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Old 06-11-2013, 09:03 AM
 
40,098 posts, read 26,761,498 times
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Originally Posted by mordant View Post
I believed the tenets of my faith, but I did so by being both willfully ignorant and dishonest with myself and my own though processes and doubts. Call it what you will, but the net result is the same as lying. I now regard myself as essentially having participated in a mutual pact with fellow theists to mutually reinforce lies told to ourselves and to each other and ultimately to the greater world.

I suppose I could argue that I didn't know what I believed and propagated was false, thus I lacked the intent to deceive. But that's a little like a person enjoying a particularly good cocaine hit driving at 150 miles per hour down a freeway and saying he didn't mean to hurt or endanger anyone. It's kind of lame. So I own it for what it was: willful ignorance and the embrace of ideas I knew, not all that deep down, were unsupportable. The only difference when I left the faith was that I was finally willing to admit that belief in god was a sham. My admission suggests that I knew it at some level all along.

It is entirely possible that some people experience faith differently, that they really don't suppress doubts or ignore logical inconsistencies / impossibilities -- that they are so unobservant and/or incurious and/or dense that they really never are troubled by such things. But I suspect it's unusual because most believers admit that they struggle with doubt, and also with temptation (strongly suggesting that they are no "new creation") and uncertainty and anxiety (strongly suggesting that there is no indwelling holy spirit) and bitter disappointments (suggesting the Hand of God is not really guiding things or at least that the teachings of the church are not setting reasonable expectations), etc. The facade starts to crack even more when people experience relationship problems, divorce, children who depart from "the way in which they should go" that they were brought up in, and on and on.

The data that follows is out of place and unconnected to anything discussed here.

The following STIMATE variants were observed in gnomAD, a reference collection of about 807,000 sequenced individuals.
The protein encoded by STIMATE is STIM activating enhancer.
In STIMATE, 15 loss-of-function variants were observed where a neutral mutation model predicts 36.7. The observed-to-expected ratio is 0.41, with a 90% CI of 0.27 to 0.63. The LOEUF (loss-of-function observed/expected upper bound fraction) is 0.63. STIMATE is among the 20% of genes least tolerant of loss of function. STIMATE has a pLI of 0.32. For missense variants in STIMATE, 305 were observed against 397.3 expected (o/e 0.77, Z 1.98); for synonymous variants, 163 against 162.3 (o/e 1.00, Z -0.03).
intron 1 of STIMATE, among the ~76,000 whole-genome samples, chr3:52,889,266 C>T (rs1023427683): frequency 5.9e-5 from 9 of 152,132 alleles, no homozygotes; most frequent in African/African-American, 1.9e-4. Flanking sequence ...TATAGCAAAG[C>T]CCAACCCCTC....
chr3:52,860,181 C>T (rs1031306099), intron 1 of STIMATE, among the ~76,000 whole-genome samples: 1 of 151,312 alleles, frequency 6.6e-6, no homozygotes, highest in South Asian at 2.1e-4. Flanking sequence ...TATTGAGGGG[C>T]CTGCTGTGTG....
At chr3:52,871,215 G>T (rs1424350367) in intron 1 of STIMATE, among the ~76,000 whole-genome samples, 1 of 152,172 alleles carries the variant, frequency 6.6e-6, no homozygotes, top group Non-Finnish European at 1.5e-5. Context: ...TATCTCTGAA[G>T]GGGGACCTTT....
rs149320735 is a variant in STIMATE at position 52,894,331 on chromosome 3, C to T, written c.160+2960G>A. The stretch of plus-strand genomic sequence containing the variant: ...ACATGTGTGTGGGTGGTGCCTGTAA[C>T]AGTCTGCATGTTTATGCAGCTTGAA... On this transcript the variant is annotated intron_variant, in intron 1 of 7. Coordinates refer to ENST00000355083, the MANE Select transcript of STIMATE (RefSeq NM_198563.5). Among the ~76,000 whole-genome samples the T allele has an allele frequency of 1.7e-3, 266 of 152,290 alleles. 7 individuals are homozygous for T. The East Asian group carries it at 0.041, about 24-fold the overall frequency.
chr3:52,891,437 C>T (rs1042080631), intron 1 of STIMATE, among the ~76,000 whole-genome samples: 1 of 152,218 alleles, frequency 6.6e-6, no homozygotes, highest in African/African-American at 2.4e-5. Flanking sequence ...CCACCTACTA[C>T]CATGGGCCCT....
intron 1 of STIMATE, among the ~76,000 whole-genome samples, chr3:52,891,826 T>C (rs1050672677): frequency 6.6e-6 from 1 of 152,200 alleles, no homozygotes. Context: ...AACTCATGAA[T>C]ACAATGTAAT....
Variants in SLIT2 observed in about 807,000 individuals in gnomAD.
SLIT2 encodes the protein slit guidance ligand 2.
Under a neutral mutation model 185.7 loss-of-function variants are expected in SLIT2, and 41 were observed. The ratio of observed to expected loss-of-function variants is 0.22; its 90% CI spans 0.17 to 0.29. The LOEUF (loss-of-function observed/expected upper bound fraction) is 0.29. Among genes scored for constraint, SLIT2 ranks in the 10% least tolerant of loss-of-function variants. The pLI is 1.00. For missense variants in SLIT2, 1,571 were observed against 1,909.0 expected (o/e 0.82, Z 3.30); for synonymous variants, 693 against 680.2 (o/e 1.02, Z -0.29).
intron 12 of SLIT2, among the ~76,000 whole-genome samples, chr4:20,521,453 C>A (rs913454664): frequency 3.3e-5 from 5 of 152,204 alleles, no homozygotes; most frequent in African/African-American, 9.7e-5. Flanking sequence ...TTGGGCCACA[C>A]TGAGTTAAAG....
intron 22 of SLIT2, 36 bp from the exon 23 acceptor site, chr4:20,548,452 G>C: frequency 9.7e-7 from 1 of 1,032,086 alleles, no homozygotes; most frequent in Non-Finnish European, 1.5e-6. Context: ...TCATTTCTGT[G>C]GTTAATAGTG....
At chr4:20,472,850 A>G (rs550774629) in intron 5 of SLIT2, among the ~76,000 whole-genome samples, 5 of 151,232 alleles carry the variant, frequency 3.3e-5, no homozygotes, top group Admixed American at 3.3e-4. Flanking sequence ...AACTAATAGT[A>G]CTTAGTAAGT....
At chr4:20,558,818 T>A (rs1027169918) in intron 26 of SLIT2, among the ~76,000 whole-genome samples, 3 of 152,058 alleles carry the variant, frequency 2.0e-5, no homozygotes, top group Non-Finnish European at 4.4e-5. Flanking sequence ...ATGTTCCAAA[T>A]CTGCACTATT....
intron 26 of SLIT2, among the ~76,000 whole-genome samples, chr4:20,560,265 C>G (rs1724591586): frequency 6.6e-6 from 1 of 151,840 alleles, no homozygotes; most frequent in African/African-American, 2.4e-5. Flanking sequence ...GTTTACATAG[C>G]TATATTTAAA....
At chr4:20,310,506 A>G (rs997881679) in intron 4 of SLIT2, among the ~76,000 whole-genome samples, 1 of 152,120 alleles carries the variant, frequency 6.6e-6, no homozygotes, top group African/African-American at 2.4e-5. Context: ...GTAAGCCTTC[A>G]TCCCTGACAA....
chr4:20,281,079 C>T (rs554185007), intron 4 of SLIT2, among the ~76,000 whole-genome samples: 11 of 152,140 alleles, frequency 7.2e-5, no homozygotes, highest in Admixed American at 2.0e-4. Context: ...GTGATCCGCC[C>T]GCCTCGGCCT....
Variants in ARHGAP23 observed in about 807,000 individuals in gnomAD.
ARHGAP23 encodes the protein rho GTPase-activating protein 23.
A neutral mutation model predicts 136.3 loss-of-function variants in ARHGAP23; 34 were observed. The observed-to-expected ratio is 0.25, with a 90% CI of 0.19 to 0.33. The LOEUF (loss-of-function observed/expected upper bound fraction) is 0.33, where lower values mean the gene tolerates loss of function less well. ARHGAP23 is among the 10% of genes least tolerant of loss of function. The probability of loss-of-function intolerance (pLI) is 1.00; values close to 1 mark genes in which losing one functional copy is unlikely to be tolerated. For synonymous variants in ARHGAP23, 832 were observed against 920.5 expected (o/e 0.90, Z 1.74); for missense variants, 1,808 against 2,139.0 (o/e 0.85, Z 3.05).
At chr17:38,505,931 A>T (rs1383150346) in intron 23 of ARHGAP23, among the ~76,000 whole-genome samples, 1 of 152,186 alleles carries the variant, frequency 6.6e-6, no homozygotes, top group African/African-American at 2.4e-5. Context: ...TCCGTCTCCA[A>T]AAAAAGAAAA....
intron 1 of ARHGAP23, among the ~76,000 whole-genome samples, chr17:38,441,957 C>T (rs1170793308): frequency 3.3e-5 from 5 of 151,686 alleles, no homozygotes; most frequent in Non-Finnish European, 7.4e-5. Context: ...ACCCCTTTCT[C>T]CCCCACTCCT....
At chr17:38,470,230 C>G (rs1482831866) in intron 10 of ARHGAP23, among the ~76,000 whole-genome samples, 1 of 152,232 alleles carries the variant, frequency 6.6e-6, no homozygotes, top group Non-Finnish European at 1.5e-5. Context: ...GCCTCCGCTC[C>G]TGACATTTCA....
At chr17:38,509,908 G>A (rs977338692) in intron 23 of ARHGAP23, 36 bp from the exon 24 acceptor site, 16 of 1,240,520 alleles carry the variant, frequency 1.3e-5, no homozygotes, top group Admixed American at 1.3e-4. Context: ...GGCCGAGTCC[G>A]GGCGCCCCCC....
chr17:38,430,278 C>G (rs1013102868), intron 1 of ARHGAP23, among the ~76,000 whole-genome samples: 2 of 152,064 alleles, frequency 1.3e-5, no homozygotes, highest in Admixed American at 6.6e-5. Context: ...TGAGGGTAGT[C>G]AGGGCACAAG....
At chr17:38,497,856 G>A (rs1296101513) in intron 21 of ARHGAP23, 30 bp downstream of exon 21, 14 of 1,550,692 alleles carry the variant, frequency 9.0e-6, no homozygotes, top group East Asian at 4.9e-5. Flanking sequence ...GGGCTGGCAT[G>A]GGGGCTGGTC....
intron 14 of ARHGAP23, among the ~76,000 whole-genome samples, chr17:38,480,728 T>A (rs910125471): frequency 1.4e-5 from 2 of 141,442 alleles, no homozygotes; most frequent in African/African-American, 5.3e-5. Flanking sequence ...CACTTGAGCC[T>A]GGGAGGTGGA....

It's really just a question of when the straw that breaks the camel's back comes and the whole house of cards comes tumbling down. And when it does, what are you left with? The fact that you have believed a lie, at the very least -- but in my view, that to some greater or lesser degree you have participated in that lie as well.
Thanks for this clarification, mordant. Unfortunately, what you describe is not lying . . . it is simply being wrong. If being wrong is lying then we are definitely ALL liars many times in our lives.
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Old 06-11-2013, 12:16 PM
 
39,189 posts, read 10,872,385 times
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Originally Posted by MysticPhD View Post
Thanks for this clarification, mordant. Unfortunately, what you describe is not lying . . . it is simply being wrong. If being wrong is lying then we are definitely ALL liars many times in our lives.
I have discussed this matter elsewhere and there are various shades of untruth. One is almost praiseworthy - economizing on the truth to avoid causing pain. There is also genuine mistake. On the cusp is the cherry -picking of facts to support an argument one wants so much to be true and the technical but serious 'Lincoln' lie' of saying something is so when you don't know that it's so.'

Then we are in the area of wilful refusal to take on board demonstrated factuality and the repeating of disproven claims elsewhere to a new audience in the hope of deceiving. Even if one is convinced that the Big Picture is true and therefor a few incidental lies are justified in the overall scheme of things, it is a lie.

The individual may take that as a template against which to measure any particular examples they may have in mind.
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